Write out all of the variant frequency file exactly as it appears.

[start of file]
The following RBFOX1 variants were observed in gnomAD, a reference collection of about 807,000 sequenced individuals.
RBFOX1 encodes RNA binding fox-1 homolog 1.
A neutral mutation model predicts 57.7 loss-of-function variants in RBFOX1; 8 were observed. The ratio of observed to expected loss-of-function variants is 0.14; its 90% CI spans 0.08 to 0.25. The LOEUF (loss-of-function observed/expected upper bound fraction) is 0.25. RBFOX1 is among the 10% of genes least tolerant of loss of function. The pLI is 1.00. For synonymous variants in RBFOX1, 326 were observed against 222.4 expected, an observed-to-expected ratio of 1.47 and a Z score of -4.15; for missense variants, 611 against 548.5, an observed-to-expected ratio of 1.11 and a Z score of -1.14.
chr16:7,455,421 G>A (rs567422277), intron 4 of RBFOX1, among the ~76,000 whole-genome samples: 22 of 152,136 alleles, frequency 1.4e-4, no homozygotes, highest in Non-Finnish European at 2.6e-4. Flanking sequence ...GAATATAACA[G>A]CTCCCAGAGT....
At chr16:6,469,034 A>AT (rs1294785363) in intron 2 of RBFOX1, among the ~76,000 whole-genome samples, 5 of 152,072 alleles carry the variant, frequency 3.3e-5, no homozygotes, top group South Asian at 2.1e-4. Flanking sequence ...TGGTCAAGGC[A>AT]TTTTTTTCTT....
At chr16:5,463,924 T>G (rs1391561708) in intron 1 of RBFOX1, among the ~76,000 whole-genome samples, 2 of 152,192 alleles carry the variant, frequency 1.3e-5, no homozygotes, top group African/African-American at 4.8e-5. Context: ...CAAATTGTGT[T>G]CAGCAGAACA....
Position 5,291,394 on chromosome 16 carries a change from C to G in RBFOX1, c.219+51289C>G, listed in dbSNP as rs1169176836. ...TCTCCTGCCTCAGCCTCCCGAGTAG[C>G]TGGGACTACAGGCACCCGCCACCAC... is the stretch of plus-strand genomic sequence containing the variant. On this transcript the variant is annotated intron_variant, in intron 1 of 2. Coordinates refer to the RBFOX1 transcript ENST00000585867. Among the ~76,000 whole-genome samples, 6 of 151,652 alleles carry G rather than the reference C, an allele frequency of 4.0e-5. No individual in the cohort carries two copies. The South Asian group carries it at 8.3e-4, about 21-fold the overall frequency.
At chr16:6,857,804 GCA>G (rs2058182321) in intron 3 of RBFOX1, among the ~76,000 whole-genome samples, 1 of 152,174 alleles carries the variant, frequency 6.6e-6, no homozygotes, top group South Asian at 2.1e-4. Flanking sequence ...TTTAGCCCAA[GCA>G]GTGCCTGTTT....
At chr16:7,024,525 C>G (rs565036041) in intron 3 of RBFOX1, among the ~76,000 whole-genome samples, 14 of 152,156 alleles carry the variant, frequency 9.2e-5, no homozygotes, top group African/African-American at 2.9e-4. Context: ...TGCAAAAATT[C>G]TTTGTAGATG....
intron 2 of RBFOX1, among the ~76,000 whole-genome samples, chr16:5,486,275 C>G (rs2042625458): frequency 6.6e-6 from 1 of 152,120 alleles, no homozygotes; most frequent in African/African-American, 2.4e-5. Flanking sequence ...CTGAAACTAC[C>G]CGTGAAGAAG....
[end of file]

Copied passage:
The following RBFOX1 variants were observed in gnomAD, a reference collection of about 807,000 sequenced individuals.
RBFOX1 encodes RNA binding fox-1 homolog 1.
A neutral mutation model predicts 57.7 loss-of-function variants in RBFOX1; 8 were observed. The ratio of observed to expected loss-of-function variants is 0.14; its 90% CI spans 0.08 to 0.25. The LOEUF (loss-of-function observed/expected upper bound fraction) is 0.25. RBFOX1 is among the 10% of genes least tolerant of loss of function. The pLI is 1.00. For synonymous variants in RBFOX1, 326 were observed against 222.4 expected, an observed-to-expected ratio of 1.47 and a Z score of -4.15; for missense variants, 611 against 548.5, an observed-to-expected ratio of 1.11 and a Z score of -1.14.
chr16:7,455,421 G>A (rs567422277), intron 4 of RBFOX1, among the ~76,000 whole-genome samples: 22 of 152,136 alleles, frequency 1.4e-4, no homozygotes, highest in Non-Finnish European at 2.6e-4. Flanking sequence ...GAATATAACA[G>A]CTCCCAGAGT....
At chr16:6,469,034 A>AT (rs1294785363) in intron 2 of RBFOX1, among the ~76,000 whole-genome samples, 5 of 152,072 alleles carry the variant, frequency 3.3e-5, no homozygotes, top group South Asian at 2.1e-4. Flanking sequence ...TGGTCAAGGC[A>AT]TTTTTTTCTT....
At chr16:5,463,924 T>G (rs1391561708) in intron 1 of RBFOX1, among the ~76,000 whole-genome samples, 2 of 152,192 alleles carry the variant, frequency 1.3e-5, no homozygotes, top group African/African-American at 4.8e-5. Context: ...CAAATTGTGT[T>G]CAGCAGAACA....
Position 5,291,394 on chromosome 16 carries a change from C to G in RBFOX1, c.219+51289C>G, listed in dbSNP as rs1169176836. ...TCTCCTGCCTCAGCCTCCCGAGTAG[C>G]TGGGACTACAGGCACCCGCCACCAC... is the stretch of plus-strand genomic sequence containing the variant. On this transcript the variant is annotated intron_variant, in intron 1 of 2. Coordinates refer to the RBFOX1 transcript ENST00000585867. Among the ~76,000 whole-genome samples, 6 of 151,652 alleles carry G rather than the reference C, an allele frequency of 4.0e-5. No individual in the cohort carries two copies. The South Asian group carries it at 8.3e-4, about 21-fold the overall frequency.
At chr16:6,857,804 GCA>G (rs2058182321) in intron 3 of RBFOX1, among the ~76,000 whole-genome samples, 1 of 152,174 alleles carries the variant, frequency 6.6e-6, no homozygotes, top group South Asian at 2.1e-4. Flanking sequence ...TTTAGCCCAA[GCA>G]GTGCCTGTTT....
At chr16:7,024,525 C>G (rs565036041) in intron 3 of RBFOX1, among the ~76,000 whole-genome samples, 14 of 152,156 alleles carry the variant, frequency 9.2e-5, no homozygotes, top group African/African-American at 2.9e-4. Context: ...TGCAAAAATT[C>G]TTTGTAGATG....
intron 2 of RBFOX1, among the ~76,000 whole-genome samples, chr16:5,486,275 C>G (rs2042625458): frequency 6.6e-6 from 1 of 152,120 alleles, no homozygotes; most frequent in African/African-American, 2.4e-5. Flanking sequence ...CTGAAACTAC[C>G]CGTGAAGAAG....